The Interscalene Block

So, you want to provide local anesthesia to the patient with a broken clavicle or a dislocated shoulder. Maybe there’s a proximal / mid-humeral fracture or an injury over the deltoid. Whatever your needs may be, the interscalene block is an option for targeted anesthesia in the upper extremity to knock out parts of the brachial plexus. The short version of the procedure to accompany the pictures below is as follows: identify anatomy (specifically, the sternocleidomastoid muscle which will help landmark where the scalene muscles will be), identify interscalene area, and then infiltrate local anesthetic around the nerves. The video of the procedure at the end of the post is from

The Patient’s Lateral Neck

(with SCM outlined)

The Angle of Needle Insertion

(lateral to SCM, but between anterior and middle scalene muscles)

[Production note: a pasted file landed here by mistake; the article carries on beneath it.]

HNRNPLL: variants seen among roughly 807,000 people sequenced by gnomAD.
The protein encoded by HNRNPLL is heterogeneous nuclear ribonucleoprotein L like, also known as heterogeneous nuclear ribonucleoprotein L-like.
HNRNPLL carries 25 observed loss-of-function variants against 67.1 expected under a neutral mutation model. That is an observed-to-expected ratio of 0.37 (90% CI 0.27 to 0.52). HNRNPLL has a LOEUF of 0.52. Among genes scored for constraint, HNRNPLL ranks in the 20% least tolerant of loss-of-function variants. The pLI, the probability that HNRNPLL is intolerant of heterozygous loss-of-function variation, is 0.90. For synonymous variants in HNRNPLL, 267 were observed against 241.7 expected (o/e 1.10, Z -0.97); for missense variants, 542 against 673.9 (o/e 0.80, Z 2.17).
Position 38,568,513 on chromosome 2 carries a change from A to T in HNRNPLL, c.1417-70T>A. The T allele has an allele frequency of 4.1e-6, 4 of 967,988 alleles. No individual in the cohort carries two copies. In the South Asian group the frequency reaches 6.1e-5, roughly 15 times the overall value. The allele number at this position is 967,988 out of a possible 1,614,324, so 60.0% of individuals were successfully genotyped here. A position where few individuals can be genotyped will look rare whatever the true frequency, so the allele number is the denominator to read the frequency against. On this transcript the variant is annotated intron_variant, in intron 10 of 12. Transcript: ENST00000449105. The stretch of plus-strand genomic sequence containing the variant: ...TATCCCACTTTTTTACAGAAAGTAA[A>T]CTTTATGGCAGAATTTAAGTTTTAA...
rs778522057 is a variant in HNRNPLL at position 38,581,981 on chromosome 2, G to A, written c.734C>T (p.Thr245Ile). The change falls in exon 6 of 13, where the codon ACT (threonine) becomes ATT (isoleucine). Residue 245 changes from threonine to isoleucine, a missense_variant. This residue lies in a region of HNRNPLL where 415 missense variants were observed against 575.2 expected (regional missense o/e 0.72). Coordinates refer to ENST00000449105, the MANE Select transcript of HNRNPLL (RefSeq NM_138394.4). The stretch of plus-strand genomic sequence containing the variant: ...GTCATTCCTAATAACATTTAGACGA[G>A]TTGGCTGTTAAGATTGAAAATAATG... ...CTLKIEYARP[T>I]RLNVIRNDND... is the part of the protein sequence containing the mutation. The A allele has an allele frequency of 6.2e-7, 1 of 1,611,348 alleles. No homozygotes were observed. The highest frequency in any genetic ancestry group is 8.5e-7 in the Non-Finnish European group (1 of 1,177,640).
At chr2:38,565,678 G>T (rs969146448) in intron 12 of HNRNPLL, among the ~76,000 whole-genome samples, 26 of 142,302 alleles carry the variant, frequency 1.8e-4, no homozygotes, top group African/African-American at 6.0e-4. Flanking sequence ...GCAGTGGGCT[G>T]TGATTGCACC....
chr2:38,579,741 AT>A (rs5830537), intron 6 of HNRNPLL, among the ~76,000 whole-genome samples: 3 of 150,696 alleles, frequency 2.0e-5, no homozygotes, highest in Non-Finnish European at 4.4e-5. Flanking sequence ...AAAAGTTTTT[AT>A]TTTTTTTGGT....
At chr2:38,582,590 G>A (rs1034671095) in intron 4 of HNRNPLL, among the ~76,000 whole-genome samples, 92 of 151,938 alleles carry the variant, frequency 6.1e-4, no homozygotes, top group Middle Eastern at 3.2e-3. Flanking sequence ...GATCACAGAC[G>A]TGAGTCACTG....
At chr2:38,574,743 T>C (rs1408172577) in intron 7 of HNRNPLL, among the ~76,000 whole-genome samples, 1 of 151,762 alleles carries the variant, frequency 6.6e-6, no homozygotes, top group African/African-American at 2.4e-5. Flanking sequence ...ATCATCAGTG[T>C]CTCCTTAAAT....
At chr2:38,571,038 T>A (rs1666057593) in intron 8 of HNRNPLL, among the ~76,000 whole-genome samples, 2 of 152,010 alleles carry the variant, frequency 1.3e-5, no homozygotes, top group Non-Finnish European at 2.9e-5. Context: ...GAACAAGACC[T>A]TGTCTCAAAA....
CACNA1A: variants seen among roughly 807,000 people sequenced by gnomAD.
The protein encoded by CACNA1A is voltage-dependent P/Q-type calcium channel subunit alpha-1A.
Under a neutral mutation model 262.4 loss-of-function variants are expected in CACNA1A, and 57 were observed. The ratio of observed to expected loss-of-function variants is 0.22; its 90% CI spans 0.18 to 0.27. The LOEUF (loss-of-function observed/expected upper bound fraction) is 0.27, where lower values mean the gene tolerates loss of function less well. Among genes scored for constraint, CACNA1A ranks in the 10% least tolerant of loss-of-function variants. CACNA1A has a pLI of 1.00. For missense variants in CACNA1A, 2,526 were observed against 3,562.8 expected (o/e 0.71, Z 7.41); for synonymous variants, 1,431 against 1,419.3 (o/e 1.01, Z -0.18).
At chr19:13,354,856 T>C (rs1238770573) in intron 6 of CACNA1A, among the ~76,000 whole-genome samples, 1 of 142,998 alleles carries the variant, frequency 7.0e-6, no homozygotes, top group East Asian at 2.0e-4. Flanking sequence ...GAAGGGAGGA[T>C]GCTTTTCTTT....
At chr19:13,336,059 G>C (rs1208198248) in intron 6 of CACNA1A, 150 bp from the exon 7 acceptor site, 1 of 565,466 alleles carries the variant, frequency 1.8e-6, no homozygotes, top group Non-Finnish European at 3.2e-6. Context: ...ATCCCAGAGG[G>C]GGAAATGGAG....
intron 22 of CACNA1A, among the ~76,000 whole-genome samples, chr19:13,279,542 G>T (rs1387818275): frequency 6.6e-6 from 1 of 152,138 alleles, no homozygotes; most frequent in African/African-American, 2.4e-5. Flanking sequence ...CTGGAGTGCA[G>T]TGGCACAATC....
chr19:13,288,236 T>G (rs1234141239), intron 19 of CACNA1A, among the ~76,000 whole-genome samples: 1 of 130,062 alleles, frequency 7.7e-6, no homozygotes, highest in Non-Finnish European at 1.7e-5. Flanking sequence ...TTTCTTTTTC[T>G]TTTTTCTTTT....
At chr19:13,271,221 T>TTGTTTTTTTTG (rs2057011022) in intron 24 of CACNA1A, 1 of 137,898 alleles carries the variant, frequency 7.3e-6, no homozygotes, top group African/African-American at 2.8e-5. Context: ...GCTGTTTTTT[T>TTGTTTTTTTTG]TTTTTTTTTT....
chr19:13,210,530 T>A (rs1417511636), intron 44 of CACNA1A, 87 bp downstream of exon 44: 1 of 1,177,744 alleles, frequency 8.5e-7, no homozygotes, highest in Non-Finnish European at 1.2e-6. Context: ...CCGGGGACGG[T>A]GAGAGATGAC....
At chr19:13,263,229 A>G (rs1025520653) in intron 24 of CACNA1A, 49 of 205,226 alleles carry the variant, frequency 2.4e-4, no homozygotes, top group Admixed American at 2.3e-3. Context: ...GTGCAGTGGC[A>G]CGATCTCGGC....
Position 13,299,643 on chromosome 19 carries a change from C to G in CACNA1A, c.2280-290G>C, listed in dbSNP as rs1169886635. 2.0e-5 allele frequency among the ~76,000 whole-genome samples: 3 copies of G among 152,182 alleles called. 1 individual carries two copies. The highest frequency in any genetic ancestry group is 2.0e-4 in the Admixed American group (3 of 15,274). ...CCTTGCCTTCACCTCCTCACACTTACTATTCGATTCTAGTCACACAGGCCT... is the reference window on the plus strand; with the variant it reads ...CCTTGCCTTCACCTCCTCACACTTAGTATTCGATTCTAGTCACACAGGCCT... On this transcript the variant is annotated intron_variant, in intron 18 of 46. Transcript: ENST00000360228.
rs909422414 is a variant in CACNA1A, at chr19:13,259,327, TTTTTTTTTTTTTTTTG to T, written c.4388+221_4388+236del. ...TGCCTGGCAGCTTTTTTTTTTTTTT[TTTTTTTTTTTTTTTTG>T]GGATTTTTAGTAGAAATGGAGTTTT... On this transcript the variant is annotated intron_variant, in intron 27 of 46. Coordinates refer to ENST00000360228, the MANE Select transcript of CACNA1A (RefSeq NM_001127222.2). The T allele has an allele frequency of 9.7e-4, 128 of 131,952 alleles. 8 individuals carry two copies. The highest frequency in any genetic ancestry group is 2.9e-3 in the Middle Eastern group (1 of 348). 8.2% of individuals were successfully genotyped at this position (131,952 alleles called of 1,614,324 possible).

Drawing of Anterior and Middle Scalene Muscles Next to SCM

Interscalene Area on US

The Traffic Light Sign of Interscalene Area

The Procedure Video

(from the excellent


The Procedure

Scan transversely in the area lateral to the sternocleidomastoid muscle (SCM) to identify the anterior and middle scalene muscles. The C5-C7 nerve roots are visualized as “traffic lights” vertically oriented between the two muscles. They are hypoechoic dark spots vertically stacked. Injecting about 10-15 mL of local anesthetic should provide anesthesia and analgesia. The (mild) motor and sensory deficits after the procedure affect the shoulder and upper arm.



Be sure to warn your patient about the following:

  • temporary phrenic nerve paralysis
  • recurrent laryngeal nerve blockade
  • Horner’s syndrome